Unlike our results, a study using adult patients with normal SCr showed similar Vd and CL for vancomycin in patients with ECMO compared with those without ECMO.27 This was explained that the decreased vancomycin CL in neonates with ECMO was attributable to immature hepatic and renal antibiotic pathways rather than the ECMO circuitry itself.28
To the best of our knowledge, this is the first evaluation of vancomycin pharmacokinetics in Asian neonates undergoing ECMO. In particular, this is the first instance in which vancomycin pharmacokinetic parameters from a subpopulation with SCr <0.5 mg/dL were compared between patients with and without ECMO. However, while some studies have reported that the pulsatility of pumps could affect the alteration of renal function,29 30 information about ECMO circuits could not be gathered in this study due to its retrospective nature. Given the limitations of this study, our study requires further independent validation using more robust prospective designs.
This study suggests that alterations in the pharmacokinetics of vancomycin occur in neonates on ECMO. In the ECMO group, the t1/2 was significantly prolonged compared with that in the non-ECMO group. The values for k and CL decreased significantly in the ECMO group relative to those in the non-ECMO group. No significant difference was found in the Vd measured for the two groups. Dosing adjustments of vancomycin and close TDM are required for the safe and effective management of neonates during ECMO.
What this paper adds
What is already known on this subject
Extracorporeal membrane oxygenation (ECMO) is used for the management of severe respiratory or cardiorespiratory failure in neonates.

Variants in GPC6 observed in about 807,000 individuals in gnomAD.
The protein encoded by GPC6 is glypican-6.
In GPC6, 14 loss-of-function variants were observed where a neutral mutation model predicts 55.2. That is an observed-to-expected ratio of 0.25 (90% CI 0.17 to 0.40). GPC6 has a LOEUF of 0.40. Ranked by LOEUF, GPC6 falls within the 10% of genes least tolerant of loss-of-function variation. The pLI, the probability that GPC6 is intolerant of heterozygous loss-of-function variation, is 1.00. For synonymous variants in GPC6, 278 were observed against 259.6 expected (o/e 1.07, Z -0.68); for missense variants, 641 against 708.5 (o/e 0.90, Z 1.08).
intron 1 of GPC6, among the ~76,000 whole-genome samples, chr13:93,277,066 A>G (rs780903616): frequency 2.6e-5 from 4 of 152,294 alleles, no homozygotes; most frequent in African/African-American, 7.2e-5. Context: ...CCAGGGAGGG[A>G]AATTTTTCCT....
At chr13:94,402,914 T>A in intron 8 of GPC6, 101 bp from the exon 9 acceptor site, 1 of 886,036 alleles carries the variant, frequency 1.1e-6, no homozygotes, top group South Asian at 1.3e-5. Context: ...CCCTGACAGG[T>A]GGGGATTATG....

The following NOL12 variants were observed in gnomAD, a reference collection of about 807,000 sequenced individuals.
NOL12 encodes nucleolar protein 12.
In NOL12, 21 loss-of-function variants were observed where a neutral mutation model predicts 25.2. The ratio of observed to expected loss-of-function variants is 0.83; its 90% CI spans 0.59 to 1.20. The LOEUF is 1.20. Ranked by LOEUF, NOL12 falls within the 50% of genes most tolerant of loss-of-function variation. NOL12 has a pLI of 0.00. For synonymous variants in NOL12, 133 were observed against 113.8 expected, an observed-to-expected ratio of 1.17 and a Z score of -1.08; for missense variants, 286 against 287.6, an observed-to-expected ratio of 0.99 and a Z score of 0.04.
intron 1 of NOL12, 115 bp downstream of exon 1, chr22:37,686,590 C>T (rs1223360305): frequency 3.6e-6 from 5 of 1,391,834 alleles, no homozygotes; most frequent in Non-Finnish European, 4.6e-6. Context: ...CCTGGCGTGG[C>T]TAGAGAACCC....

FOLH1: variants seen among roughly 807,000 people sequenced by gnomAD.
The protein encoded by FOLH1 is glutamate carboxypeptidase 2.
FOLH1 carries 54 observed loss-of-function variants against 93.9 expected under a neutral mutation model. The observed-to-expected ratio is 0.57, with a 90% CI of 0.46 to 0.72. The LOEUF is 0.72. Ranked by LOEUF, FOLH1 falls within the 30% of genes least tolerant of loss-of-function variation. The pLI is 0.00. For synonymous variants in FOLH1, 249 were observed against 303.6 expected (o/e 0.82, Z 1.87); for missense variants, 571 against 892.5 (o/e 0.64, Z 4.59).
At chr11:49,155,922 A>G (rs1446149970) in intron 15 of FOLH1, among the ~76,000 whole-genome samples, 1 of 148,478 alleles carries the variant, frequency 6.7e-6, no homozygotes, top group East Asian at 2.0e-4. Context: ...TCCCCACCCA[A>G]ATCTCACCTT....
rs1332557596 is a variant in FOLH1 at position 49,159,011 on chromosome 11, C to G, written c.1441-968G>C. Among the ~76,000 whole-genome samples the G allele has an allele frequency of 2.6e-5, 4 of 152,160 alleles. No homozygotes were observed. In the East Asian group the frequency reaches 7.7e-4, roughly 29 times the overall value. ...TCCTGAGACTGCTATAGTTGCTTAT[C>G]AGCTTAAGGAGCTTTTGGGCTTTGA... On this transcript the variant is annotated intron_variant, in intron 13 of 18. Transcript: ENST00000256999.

Because ECMO increases the circulating blood volume and transiently alters renal function, the pharmacokinetics of many drugs can be affected by ECMO.
Several studies have been conducted on the effects of ECMO on the pharmacokinetics of vancomycin in neonates and infants. However, most studies had small sample sizes and lacked adequate control groups. Moreover, conflicting results have been reported.
What this study adds
Alterations in the pharmacokinetics of vancomycin occurred in neonates on ECMO. In the ECMO group, half-life was significantly prolonged compared with that in the non-ECMO group. The values for elimination rate were constant and clearance decreased significantly in the ECMO group relative to those in the non-ECMO group. No significant difference was found in the volume of distribution measured for the two groups.
Dosing adjustments of vancomycin and close therapeutic drug monitoring are required for the safe and effective management of neonates during ECMO.
This research was supported by the Basic Science Research Program through the National Research Foundation of Korea (NRF) funded by the Ministry of Education (NRF-2015R1D1A1A01057223).
EAHP Statement 6: Education and Research.
SHA and EML contributed equally.
Contributors SHA, EML and HSG participated in research design. SHA, EML, JYK and HSG conducted research. SHA, EML and HSG performed data analysis. SHA, EML and HSG wrote or contributed to the writing of the manuscript. All authors read and approved the final manuscript.
Funding This research was supported by the Basic Science Research Program through the National Research Foundation of Korea (NRF) funded by the Ministry of Education (NRF-2015R1D1A1A01057223).
Competing interests None declared.
Patient consent for publication Not required.
Provenance and peer review Not commissioned; externally peer reviewed.